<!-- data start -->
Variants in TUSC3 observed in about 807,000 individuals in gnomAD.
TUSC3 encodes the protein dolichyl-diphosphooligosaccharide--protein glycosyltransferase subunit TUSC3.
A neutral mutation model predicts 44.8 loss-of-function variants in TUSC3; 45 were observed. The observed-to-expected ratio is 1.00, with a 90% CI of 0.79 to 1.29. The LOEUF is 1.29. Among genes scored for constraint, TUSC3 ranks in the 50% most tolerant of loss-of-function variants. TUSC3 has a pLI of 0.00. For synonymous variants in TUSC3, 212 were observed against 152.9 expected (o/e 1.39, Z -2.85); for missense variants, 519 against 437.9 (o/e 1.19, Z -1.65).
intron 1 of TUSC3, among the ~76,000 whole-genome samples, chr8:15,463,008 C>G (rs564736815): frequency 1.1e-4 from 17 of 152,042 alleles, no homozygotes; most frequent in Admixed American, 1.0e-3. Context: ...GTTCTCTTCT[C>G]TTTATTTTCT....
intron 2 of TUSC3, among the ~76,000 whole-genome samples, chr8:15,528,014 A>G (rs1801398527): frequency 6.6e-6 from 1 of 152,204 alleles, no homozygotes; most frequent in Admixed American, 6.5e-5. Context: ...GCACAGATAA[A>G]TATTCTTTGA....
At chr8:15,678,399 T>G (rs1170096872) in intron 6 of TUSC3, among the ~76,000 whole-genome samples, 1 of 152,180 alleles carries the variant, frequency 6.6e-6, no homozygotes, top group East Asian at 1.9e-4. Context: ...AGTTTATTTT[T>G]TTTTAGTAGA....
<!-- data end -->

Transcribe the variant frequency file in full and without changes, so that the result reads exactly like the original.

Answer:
Variants in TUSC3 observed in about 807,000 individuals in gnomAD.
TUSC3 encodes the protein dolichyl-diphosphooligosaccharide--protein glycosyltransferase subunit TUSC3.
A neutral mutation model predicts 44.8 loss-of-function variants in TUSC3; 45 were observed. The observed-to-expected ratio is 1.00, with a 90% CI of 0.79 to 1.29. The LOEUF is 1.29. Among genes scored for constraint, TUSC3 ranks in the 50% most tolerant of loss-of-function variants. TUSC3 has a pLI of 0.00. For synonymous variants in TUSC3, 212 were observed against 152.9 expected (o/e 1.39, Z -2.85); for missense variants, 519 against 437.9 (o/e 1.19, Z -1.65).
intron 1 of TUSC3, among the ~76,000 whole-genome samples, chr8:15,463,008 C>G (rs564736815): frequency 1.1e-4 from 17 of 152,042 alleles, no homozygotes; most frequent in Admixed American, 1.0e-3. Context: ...GTTCTCTTCT[C>G]TTTATTTTCT....
intron 2 of TUSC3, among the ~76,000 whole-genome samples, chr8:15,528,014 A>G (rs1801398527): frequency 6.6e-6 from 1 of 152,204 alleles, no homozygotes; most frequent in Admixed American, 6.5e-5. Context: ...GCACAGATAA[A>G]TATTCTTTGA....
At chr8:15,678,399 T>G (rs1170096872) in intron 6 of TUSC3, among the ~76,000 whole-genome samples, 1 of 152,180 alleles carries the variant, frequency 6.6e-6, no homozygotes, top group East Asian at 1.9e-4. Context: ...AGTTTATTTT[T>G]TTTTAGTAGA....